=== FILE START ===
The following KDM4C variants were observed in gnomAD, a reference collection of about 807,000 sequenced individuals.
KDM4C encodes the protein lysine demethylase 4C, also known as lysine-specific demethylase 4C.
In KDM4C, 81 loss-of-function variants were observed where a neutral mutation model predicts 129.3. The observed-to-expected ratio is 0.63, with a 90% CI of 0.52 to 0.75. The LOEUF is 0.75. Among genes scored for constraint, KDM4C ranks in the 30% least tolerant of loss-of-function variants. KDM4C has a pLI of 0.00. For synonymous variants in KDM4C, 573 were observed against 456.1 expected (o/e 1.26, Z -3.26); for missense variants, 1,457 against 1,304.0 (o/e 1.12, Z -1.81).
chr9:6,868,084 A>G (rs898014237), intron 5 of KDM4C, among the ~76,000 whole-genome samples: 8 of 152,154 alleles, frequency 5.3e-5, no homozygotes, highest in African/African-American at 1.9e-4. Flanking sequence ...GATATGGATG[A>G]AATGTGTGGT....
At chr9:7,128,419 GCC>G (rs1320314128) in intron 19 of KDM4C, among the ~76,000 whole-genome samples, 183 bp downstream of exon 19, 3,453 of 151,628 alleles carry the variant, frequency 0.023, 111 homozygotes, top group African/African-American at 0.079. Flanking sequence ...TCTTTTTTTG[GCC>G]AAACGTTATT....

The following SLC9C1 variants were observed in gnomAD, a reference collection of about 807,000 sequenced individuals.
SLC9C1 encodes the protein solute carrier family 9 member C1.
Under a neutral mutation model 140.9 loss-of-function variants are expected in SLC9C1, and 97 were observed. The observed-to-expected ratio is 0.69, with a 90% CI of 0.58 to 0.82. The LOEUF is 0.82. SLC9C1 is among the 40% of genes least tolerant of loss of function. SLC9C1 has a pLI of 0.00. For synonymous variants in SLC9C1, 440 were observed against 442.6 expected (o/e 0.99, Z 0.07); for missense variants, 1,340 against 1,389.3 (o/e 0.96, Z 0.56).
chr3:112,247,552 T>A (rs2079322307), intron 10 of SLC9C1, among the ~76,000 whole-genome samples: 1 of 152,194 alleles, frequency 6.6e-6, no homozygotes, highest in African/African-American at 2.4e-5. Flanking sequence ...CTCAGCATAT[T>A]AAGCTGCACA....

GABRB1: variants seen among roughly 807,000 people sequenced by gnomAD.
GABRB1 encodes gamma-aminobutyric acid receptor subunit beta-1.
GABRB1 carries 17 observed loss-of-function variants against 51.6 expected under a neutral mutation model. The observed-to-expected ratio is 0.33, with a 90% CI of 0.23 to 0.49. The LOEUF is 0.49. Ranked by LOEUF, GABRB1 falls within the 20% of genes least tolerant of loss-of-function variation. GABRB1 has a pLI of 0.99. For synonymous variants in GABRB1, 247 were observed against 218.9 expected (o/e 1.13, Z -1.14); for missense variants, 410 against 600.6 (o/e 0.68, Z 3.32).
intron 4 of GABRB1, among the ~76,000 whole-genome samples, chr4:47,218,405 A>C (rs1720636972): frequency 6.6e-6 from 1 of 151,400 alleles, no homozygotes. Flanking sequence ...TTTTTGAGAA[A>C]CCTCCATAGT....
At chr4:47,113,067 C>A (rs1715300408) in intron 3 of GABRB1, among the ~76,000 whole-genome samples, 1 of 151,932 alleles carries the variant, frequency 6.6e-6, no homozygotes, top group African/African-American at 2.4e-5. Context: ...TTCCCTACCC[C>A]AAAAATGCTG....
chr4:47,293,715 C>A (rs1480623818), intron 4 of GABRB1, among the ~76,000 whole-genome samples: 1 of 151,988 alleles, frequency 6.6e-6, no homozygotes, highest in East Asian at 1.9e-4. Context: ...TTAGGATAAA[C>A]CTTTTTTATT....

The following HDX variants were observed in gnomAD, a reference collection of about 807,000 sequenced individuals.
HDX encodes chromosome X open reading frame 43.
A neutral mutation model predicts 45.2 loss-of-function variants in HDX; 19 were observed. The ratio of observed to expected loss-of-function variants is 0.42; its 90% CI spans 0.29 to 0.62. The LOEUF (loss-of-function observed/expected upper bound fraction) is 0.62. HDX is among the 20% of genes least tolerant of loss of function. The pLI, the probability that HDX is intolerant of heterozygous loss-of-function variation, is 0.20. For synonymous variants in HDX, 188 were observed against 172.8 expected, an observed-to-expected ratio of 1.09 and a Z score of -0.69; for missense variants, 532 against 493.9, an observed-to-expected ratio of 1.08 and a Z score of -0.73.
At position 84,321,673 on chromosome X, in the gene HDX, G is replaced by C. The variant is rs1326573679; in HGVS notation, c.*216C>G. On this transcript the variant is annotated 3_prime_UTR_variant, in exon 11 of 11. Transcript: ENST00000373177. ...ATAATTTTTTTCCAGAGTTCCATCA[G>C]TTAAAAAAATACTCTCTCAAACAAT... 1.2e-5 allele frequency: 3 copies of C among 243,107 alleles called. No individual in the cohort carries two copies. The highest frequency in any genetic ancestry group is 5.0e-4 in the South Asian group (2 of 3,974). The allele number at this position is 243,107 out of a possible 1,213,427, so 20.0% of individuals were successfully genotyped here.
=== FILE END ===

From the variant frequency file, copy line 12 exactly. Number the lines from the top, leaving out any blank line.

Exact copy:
GABRB1 carries 17 observed loss-of-function variants against 51.6 expected under a neutral mutation model. The observed-to-expected ratio is 0.33, with a 90% CI of 0.23 to 0.49. The LOEUF is 0.49. Ranked by LOEUF, GABRB1 falls within the 20% of genes least tolerant of loss-of-function variation. GABRB1 has a pLI of 0.99. For synonymous variants in GABRB1, 247 were observed against 218.9 expected (o/e 1.13, Z -1.14); for missense variants, 410 against 600.6 (o/e 0.68, Z 3.32).